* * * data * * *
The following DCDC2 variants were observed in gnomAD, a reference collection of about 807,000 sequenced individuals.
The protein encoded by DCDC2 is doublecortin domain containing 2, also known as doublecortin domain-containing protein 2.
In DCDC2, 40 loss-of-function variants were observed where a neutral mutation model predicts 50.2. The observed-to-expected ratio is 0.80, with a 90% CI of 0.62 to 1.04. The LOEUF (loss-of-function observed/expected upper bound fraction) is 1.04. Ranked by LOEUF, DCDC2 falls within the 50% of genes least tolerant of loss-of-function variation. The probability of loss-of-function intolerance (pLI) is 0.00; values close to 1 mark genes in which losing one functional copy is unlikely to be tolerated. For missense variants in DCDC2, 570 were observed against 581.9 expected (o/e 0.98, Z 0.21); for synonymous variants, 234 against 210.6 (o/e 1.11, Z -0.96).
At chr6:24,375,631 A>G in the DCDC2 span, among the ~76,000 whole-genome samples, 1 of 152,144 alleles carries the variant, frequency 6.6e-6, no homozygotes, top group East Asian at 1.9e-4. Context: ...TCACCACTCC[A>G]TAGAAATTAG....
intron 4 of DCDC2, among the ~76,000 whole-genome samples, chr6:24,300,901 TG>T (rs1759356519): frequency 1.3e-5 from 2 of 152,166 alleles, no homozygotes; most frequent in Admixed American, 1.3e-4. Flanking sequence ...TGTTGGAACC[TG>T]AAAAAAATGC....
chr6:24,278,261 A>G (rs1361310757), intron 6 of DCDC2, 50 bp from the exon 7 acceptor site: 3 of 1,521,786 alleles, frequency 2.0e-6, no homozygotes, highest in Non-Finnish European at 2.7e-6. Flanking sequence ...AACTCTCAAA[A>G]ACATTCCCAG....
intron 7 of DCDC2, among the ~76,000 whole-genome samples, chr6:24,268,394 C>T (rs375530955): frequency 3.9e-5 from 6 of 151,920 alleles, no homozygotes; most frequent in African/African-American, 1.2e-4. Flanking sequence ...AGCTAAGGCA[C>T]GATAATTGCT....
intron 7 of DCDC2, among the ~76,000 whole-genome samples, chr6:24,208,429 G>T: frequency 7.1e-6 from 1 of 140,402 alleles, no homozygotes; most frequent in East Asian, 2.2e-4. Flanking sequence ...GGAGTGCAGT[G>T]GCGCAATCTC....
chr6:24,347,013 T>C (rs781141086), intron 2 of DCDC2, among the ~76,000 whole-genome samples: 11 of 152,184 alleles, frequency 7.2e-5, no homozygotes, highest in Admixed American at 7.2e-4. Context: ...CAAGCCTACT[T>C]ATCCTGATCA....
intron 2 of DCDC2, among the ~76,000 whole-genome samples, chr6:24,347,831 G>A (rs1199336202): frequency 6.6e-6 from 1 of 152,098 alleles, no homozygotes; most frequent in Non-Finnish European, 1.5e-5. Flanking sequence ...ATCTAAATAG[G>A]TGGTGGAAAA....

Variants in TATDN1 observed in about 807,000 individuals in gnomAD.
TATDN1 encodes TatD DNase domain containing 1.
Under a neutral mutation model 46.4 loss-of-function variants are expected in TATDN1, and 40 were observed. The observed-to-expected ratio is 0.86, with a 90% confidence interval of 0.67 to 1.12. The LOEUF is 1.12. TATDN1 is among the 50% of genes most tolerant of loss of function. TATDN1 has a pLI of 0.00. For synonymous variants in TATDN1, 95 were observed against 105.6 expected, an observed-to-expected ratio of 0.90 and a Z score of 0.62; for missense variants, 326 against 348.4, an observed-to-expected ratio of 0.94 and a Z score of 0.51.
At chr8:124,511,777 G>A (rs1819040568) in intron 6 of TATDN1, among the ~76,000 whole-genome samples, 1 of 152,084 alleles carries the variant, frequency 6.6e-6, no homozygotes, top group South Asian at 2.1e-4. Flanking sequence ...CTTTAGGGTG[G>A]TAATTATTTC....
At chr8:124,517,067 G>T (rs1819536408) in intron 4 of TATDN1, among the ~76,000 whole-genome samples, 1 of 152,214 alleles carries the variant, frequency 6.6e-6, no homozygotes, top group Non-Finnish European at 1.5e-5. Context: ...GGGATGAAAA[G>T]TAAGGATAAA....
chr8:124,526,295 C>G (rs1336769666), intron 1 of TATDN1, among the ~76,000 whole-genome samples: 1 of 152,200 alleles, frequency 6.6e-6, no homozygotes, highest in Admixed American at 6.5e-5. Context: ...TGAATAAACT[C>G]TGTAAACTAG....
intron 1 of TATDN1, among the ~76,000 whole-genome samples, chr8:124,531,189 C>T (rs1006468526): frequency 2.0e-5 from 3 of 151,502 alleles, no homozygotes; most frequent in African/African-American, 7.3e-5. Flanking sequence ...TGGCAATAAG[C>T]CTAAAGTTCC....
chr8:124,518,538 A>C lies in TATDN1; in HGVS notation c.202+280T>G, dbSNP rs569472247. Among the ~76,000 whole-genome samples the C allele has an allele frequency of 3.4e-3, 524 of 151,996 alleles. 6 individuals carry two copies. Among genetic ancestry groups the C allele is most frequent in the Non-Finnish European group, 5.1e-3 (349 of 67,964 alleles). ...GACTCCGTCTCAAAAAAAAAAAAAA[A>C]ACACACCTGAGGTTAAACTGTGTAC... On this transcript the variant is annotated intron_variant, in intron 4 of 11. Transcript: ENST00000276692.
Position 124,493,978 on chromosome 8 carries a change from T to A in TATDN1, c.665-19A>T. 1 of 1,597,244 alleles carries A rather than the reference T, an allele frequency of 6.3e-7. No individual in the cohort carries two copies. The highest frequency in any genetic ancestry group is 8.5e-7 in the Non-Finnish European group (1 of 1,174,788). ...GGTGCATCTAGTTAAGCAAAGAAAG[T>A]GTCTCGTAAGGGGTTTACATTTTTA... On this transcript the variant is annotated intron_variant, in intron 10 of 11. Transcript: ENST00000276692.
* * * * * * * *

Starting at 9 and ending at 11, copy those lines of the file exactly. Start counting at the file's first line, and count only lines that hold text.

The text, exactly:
chr6:24,347,013 T>C (rs781141086), intron 2 of DCDC2, among the ~76,000 whole-genome samples: 11 of 152,184 alleles, frequency 7.2e-5, no homozygotes, highest in Admixed American at 7.2e-4. Context: ...CAAGCCTACT[T>C]ATCCTGATCA....
intron 2 of DCDC2, among the ~76,000 whole-genome samples, chr6:24,347,831 G>A (rs1199336202): frequency 6.6e-6 from 1 of 152,098 alleles, no homozygotes; most frequent in Non-Finnish European, 1.5e-5. Flanking sequence ...ATCTAAATAG[G>A]TGGTGGAAAA....

Variants in TATDN1 observed in about 807,000 individuals in gnomAD.